Confirmation of Higgs moves step closer
New results keep Higgs discovery on track
A small stretch of the 27-km long Large Hadron Collider based at Cern on the French/Swiss border. The ring-shaped collider guides streams of particles that can be smashed together to study the nature of matter.
Dick Ahlstrom, Science Editor
It walks like a Higgs and quacks like a Higgs but final confirmation that the elusive Higgs boson actually exists has yet to come.
Scientists gathered today at the Moriond Conference in La Thuile, Italy had hoped that the latest research findings from the European nuclear research centre Cern would deliver proof of the Higgs. But unlike in Rome no white smoke appeared to deliver a final decision.
The Higgs boson only exists as a theory at the moment, a small but crucial part of a master theory that attempts to explain all the forces that bind together the visible matter in our universe. All of the sub-atomic components of this Standard Model have been found and confirmed...except for the Higgs.
Cern is using a massive €4 billion 27-kilometre long atom smasher called the Large Hadron Collider to find the Higgs and last summer Cern scientists released the first tantalising results that the Higgs is there and in the form expected.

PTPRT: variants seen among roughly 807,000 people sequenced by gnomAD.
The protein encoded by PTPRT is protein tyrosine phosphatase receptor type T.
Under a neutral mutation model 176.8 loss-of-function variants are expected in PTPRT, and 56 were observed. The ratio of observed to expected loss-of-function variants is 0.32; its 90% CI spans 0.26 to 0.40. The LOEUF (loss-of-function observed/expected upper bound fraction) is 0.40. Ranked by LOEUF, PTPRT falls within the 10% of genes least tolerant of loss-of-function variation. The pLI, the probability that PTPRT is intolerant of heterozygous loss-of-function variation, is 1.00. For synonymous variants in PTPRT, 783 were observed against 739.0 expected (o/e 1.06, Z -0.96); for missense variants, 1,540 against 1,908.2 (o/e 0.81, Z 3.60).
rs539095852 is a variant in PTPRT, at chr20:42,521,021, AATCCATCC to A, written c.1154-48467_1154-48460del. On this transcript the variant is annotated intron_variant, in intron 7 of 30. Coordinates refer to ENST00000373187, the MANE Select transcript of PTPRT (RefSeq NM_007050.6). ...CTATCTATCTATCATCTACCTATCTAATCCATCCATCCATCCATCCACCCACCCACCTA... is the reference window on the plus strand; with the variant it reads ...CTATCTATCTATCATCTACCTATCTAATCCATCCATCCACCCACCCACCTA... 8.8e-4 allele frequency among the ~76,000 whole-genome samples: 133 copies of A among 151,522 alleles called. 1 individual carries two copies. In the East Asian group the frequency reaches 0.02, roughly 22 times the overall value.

Since then a great deal more information has been gathered and analysed and the preliminary results again bring the search right to the very edge of confirmation - but without actually delivering it.
The latest data “strongly indicates that it is a Higgs boson”, but unfortunately the jury remains out. It remained “an open question” whether it is the Higgs as predicted in the Standard Model other some other boson that doesn't match up with the current theories, Cern officials said earlier today.
Despsite the lack of confirmation, it still represents an advance, said Prof Ronan McNulty, head of the high energy particle physics experimental group at University College Dublin. He and his team are collaborators on the LHCb experiment at Cern.
"A slight simplification might be that on July 4th they said 'we have found a new boson', while now they are saying 'this new boson looks and smells like a Higgs'," Prof McNulty explained.
"The actual type of Higgs though is still being investigated. So as time goes on, and we get more and more data, our understanding of this new particle becomes more and more precise."